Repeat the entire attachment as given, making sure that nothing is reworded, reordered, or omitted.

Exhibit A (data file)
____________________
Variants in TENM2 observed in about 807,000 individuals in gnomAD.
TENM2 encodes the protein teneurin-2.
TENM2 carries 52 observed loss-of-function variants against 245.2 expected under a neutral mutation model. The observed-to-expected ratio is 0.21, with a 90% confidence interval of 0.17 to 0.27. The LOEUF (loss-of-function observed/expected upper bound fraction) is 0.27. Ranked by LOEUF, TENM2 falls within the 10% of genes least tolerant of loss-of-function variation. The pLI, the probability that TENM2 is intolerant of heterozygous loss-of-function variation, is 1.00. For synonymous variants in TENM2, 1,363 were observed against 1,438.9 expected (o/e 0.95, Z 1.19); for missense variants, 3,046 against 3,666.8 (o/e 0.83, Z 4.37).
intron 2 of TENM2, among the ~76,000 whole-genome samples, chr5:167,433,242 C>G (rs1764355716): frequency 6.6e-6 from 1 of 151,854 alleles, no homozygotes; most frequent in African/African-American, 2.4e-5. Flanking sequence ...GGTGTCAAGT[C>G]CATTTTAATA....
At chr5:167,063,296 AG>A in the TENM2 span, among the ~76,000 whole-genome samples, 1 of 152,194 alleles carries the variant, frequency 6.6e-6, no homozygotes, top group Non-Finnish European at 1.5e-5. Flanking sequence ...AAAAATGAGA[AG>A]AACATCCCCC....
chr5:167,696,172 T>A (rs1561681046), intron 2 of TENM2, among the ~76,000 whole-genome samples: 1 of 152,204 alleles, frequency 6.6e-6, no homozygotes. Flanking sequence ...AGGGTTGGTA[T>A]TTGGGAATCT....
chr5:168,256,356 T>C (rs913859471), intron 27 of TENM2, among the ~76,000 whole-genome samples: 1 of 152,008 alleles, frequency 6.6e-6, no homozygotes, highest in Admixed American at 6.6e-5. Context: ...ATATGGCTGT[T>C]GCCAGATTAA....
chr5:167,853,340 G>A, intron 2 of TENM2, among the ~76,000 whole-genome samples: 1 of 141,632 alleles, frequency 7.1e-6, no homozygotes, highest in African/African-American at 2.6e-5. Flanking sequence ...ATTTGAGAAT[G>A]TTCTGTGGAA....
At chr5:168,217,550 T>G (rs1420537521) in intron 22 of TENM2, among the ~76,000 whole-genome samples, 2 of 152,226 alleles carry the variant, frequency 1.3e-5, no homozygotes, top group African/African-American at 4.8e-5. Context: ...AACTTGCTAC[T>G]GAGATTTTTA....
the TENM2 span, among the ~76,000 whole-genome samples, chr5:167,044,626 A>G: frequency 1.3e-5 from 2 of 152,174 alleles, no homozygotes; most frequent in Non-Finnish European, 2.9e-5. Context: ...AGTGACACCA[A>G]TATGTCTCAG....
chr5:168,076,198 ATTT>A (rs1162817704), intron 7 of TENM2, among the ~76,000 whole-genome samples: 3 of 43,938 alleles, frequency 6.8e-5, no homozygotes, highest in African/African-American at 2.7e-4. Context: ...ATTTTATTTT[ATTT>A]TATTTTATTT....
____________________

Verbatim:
Variants in TENM2 observed in about 807,000 individuals in gnomAD.
TENM2 encodes the protein teneurin-2.
TENM2 carries 52 observed loss-of-function variants against 245.2 expected under a neutral mutation model. The observed-to-expected ratio is 0.21, with a 90% confidence interval of 0.17 to 0.27. The LOEUF (loss-of-function observed/expected upper bound fraction) is 0.27. Ranked by LOEUF, TENM2 falls within the 10% of genes least tolerant of loss-of-function variation. The pLI, the probability that TENM2 is intolerant of heterozygous loss-of-function variation, is 1.00. For synonymous variants in TENM2, 1,363 were observed against 1,438.9 expected (o/e 0.95, Z 1.19); for missense variants, 3,046 against 3,666.8 (o/e 0.83, Z 4.37).
intron 2 of TENM2, among the ~76,000 whole-genome samples, chr5:167,433,242 C>G (rs1764355716): frequency 6.6e-6 from 1 of 151,854 alleles, no homozygotes; most frequent in African/African-American, 2.4e-5. Flanking sequence ...GGTGTCAAGT[C>G]CATTTTAATA....
At chr5:167,063,296 AG>A in the TENM2 span, among the ~76,000 whole-genome samples, 1 of 152,194 alleles carries the variant, frequency 6.6e-6, no homozygotes, top group Non-Finnish European at 1.5e-5. Flanking sequence ...AAAAATGAGA[AG>A]AACATCCCCC....
chr5:167,696,172 T>A (rs1561681046), intron 2 of TENM2, among the ~76,000 whole-genome samples: 1 of 152,204 alleles, frequency 6.6e-6, no homozygotes. Flanking sequence ...AGGGTTGGTA[T>A]TTGGGAATCT....
chr5:168,256,356 T>C (rs913859471), intron 27 of TENM2, among the ~76,000 whole-genome samples: 1 of 152,008 alleles, frequency 6.6e-6, no homozygotes, highest in Admixed American at 6.6e-5. Context: ...ATATGGCTGT[T>C]GCCAGATTAA....
chr5:167,853,340 G>A, intron 2 of TENM2, among the ~76,000 whole-genome samples: 1 of 141,632 alleles, frequency 7.1e-6, no homozygotes, highest in African/African-American at 2.6e-5. Flanking sequence ...ATTTGAGAAT[G>A]TTCTGTGGAA....
At chr5:168,217,550 T>G (rs1420537521) in intron 22 of TENM2, among the ~76,000 whole-genome samples, 2 of 152,226 alleles carry the variant, frequency 1.3e-5, no homozygotes, top group African/African-American at 4.8e-5. Context: ...AACTTGCTAC[T>G]GAGATTTTTA....
the TENM2 span, among the ~76,000 whole-genome samples, chr5:167,044,626 A>G: frequency 1.3e-5 from 2 of 152,174 alleles, no homozygotes; most frequent in Non-Finnish European, 2.9e-5. Context: ...AGTGACACCA[A>G]TATGTCTCAG....
chr5:168,076,198 ATTT>A (rs1162817704), intron 7 of TENM2, among the ~76,000 whole-genome samples: 3 of 43,938 alleles, frequency 6.8e-5, no homozygotes, highest in African/African-American at 2.7e-4. Context: ...ATTTTATTTT[ATTT>A]TATTTTATTT....